Have we ever wondered what our forests and grasslands would be like if the leaves that fall every autumn remain on the ground as they are? An important role of springtails is their contribution to the ecological balance of the soil microfauna, which allows the dissemination and regulation of fungi and bacteria populations. These are essential for a good flow of nutrients such as nitrogen, phosphorus and potassium (components found in industrial fertilizers) that are vital for plants. Without springtails, many elements would be static within the microbial biomass.
When the leaves fall from the trees they decompose due to the presence of microscopic fungi whose spores are transported elsewhere by springtails. The mycelia of the latter can thus colonize new areas and contribute at the same to a homogenization of the plant decomposition. The springtails who love mushrooms graze the hyphae of the latter which develop on the outside of the leaves thus regulating their proliferation. by allowing to also contain the proliferation of pathogenic species responsible for the melting of the seedlings.

Different phases are noted in the organic fragmentation cycle through the illustration above. At each stage, springtails play a major role. First, the fallen leaves of the tree are first piled on the ground where they are first washed by the rains then:


1. The microfauna comes into action. Arthropods (springtails, mites) begin to attack the epidermis of the leaves where the first holes will soon appear.
2. The small larvae of Diptera enlarge the notches and the microflora (bacteria and fungi) enters into action.
3. Arthropods continue to cut leaves, the strongest of them attacking their veins softened by microflora.
4. Debris fragmentation continues and some of them mix with the droppings from the previous stages.
5. Disseminations of organic residues and ambient autumnal humidity stimulate the microflora and accelerate the dispersion of mineral elements.

Personal note: It is unfortunate that at the end of this cycle, chemical compounds that can not be assimilated by these living organisms, if they do not kill them, dangerously jeopardize future biodegradation cycles. Over time, increasing concentrations of harmful substances in soils are formed.

Any action that aims to preserve biodiversity does not find its sole justification in ideological considerations, but more simply in a manifestation of survival instinct. Thus, the man who spreads insecticides or other poisons targeting animals and plants parasites (substances "modestly" named phytosanitary) will derive a benefit in the very short term. On the other hand, he can rest assured that his actions will have consequences of which he will one day be a victim.

I mainly mentioned springtails as decomposers because, as we have just seen, they play an important role in the cutting and fragmentation of plants. But, these are accompanied by a multitude of other actors with diverse but complementary functions. From bacteria (microflora) to dust mites, protemas, nematodes, myriapods (microfauna) to the earthworms or ants that deal with grinding and dispersal, it's a whole world of life that goes into action, in which everyone acts within a specific sector. For example, microscopic bacteria and fungi mainly deal with the biochemical decomposition of dead plants by taking the proteins and cellulose they are able to transform into CO2, H2O, SO4 and especially NO3 (better known as nitrate and manufactured industrially as chemical fertilizers). These substances associated with other woody residues (from lignin, a constituent bio-molecule of wood) will provide humus essential for plant nutrition. Organic decomposition is therefore a chain that has many stakeholders and whose springtails are only one link.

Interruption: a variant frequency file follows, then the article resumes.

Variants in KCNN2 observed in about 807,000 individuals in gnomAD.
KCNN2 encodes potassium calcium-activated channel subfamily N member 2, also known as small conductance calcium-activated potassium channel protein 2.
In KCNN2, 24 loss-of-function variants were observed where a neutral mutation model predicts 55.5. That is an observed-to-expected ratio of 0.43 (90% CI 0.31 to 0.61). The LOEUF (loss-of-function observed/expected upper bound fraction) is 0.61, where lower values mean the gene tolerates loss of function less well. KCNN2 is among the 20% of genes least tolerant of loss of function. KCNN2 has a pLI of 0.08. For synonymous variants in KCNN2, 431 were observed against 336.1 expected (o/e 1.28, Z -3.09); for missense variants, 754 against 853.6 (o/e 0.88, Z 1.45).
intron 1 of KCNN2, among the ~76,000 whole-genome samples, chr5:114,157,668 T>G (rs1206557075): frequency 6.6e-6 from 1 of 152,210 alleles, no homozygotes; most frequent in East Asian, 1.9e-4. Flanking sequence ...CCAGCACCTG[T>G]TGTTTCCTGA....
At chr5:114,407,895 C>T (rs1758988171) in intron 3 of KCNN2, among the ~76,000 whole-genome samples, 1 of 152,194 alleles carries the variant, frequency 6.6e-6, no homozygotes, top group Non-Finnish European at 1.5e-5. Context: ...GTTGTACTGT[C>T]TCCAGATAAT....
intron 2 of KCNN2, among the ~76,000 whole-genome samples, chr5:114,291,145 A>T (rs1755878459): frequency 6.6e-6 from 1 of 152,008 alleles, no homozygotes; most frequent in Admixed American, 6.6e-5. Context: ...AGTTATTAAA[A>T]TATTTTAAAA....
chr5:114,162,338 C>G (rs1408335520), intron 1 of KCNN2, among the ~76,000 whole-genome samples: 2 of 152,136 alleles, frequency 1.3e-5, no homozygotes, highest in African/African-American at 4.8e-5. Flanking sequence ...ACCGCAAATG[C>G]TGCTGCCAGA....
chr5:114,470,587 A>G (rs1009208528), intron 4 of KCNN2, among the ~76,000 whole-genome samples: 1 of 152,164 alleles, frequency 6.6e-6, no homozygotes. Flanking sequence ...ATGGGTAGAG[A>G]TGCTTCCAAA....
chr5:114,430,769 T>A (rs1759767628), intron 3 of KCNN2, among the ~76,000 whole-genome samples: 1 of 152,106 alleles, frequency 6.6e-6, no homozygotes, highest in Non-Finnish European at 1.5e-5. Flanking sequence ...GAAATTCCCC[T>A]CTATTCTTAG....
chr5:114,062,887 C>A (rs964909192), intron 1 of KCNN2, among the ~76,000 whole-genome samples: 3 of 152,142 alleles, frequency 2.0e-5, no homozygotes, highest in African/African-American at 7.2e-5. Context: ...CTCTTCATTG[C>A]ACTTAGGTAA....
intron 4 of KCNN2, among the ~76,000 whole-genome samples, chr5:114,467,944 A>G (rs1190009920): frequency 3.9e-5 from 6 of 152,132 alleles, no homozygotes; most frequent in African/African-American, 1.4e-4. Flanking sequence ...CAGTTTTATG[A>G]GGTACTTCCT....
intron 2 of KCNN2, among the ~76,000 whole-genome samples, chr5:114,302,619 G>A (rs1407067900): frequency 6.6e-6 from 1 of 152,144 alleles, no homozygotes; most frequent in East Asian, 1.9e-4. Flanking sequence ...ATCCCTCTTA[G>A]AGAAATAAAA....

To get an idea of ??what these decomposing organisms represent in terms of population and if we retain as a surface unit the footprint of the two steps that a walker leaves on the ground of a forest, the average figures1 are impressive:



  • 2 to 3 million unicellular animals, as for example here a bacterial colony with some paramecies (picture above n ° 1).
  • 20000 to nematodes (n ° 2 - They represent in number 80% of the animal kingdom),
  • Between 2000 and 5000 springtails (No. 3)
  • Between 2000 and 5000 mites (No. 4).
  • 6 earthworms, 10 insect larvae (no. 5), 1 mollusc (no. 6), 1 arachnid (no. 7), 1 myriapod (no. 8), 1 woodworm.

The duration of the organic decomposition is variable according to the nature and the essences of the plants concerned. The decomposition of conifers is slower than that of hardwoods. So a tree can put 20 to 40 years to be totally reduced. For example to lose 50% of its mass, a litter made of beech leaves will take about 24 months whereas for leaves of lime tree it will take only 6 months. On the other hand the decomposition of the spines of a Scots pine will take from 6 to 8 years. It is accepted that the role of the sole pedofauna (springtails, myriapods, pseudoscorpions, protoures, diploures ...) accelerates by a factor x 15 the degradation process, compared to the same process that would be carried out only with the help with fungi and bacteria.


1 Sources: https://lamaisondalzaz.wordpress.com/
  Photos: Philippe Garcelon - Except photo "n ° 1", by © Dhermendra Kumar Tiwari.